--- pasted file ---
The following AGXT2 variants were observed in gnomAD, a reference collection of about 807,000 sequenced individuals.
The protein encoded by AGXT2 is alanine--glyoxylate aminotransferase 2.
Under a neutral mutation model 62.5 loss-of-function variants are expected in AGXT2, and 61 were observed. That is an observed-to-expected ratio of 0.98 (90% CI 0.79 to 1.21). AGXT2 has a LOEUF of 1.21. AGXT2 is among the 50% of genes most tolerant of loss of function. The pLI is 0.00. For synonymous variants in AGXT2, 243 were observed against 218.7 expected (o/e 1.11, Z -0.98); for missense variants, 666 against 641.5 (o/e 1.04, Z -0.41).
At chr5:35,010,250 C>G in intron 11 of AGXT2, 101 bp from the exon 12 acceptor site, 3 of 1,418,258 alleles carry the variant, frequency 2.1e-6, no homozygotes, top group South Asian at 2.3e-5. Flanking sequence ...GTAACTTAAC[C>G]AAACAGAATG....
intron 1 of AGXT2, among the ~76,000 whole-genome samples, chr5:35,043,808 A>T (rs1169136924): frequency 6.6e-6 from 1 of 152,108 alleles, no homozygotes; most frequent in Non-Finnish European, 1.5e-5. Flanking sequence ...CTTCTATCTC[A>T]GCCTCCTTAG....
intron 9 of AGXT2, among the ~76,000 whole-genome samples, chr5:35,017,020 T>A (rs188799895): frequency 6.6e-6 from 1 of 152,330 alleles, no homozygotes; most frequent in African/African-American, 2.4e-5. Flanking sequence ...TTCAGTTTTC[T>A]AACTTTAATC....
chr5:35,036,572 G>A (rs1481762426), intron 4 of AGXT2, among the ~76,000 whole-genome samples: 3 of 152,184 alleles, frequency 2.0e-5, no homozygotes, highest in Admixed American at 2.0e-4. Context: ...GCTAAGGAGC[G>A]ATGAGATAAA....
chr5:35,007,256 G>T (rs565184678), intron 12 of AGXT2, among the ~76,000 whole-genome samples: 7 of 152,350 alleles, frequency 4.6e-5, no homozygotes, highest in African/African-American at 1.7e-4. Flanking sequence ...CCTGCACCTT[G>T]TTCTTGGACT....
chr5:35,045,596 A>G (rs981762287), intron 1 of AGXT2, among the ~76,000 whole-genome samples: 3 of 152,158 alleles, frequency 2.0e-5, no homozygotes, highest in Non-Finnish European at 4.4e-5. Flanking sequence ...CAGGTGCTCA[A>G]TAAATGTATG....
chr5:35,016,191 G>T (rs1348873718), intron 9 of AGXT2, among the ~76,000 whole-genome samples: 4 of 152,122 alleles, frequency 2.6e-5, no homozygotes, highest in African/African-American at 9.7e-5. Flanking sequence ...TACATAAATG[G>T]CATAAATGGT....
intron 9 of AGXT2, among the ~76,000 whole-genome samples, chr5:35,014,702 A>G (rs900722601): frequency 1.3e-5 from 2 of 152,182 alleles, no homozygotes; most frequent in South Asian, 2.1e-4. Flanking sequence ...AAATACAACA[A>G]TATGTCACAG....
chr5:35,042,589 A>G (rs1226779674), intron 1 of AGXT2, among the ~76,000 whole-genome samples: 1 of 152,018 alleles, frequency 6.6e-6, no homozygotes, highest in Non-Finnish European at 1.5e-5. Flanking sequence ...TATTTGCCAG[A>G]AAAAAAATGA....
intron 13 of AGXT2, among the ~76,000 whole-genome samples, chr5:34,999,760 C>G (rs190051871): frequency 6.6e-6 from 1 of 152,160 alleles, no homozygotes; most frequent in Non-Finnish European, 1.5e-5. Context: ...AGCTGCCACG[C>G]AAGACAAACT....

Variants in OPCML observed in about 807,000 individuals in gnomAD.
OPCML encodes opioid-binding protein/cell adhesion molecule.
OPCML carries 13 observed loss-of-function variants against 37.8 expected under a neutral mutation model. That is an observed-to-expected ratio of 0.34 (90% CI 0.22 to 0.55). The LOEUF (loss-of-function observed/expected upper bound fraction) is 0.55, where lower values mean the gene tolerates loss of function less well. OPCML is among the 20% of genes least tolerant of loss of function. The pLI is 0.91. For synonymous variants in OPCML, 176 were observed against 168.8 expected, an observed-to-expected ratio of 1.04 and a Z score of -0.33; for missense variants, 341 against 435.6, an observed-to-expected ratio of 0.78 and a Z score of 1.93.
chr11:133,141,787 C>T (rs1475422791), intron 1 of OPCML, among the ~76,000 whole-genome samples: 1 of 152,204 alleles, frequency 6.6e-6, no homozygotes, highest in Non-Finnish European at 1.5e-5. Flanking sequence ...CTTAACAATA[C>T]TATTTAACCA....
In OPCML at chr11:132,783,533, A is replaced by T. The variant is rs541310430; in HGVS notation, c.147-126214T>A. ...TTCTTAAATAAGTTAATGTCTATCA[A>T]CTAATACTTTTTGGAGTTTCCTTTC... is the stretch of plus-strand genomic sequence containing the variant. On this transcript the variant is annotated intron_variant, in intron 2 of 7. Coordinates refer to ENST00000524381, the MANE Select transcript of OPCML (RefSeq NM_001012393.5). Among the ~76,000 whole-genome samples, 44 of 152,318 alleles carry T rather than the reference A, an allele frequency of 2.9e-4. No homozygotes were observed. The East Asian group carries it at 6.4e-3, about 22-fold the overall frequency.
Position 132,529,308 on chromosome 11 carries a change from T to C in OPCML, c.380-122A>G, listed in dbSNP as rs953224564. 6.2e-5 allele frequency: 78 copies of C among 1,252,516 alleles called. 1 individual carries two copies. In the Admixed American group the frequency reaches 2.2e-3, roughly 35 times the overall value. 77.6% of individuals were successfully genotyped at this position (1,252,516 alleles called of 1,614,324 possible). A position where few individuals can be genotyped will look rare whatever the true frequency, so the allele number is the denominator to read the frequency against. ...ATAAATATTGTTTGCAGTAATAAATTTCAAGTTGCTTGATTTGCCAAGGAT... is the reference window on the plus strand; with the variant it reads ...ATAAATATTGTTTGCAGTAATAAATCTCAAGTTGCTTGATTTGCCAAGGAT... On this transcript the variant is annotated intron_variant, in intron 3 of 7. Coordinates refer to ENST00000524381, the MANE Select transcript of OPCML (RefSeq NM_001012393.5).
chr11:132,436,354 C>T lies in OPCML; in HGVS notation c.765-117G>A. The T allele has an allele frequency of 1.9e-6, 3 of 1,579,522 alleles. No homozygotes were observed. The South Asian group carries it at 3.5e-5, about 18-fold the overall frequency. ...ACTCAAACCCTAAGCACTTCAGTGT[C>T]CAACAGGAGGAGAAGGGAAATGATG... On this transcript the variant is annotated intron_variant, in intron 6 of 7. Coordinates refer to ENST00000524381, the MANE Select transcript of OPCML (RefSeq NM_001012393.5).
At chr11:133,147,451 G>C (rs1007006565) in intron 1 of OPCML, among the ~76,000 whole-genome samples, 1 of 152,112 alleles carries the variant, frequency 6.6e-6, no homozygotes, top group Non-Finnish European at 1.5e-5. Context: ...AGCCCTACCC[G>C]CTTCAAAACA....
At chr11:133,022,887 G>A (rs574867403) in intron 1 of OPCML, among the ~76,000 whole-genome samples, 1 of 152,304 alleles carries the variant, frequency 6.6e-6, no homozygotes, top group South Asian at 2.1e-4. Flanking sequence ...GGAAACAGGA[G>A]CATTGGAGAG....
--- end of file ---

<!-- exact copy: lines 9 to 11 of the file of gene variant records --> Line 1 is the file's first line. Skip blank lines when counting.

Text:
chr5:35,045,596 A>G (rs981762287), intron 1 of AGXT2, among the ~76,000 whole-genome samples: 3 of 152,158 alleles, frequency 2.0e-5, no homozygotes, highest in Non-Finnish European at 4.4e-5. Flanking sequence ...CAGGTGCTCA[A>G]TAAATGTATG....
chr5:35,016,191 G>T (rs1348873718), intron 9 of AGXT2, among the ~76,000 whole-genome samples: 4 of 152,122 alleles, frequency 2.6e-5, no homozygotes, highest in African/African-American at 9.7e-5. Flanking sequence ...TACATAAATG[G>T]CATAAATGGT....
intron 9 of AGXT2, among the ~76,000 whole-genome samples, chr5:35,014,702 A>G (rs900722601): frequency 1.3e-5 from 2 of 152,182 alleles, no homozygotes; most frequent in South Asian, 2.1e-4. Flanking sequence ...AAATACAACA[A>G]TATGTCACAG....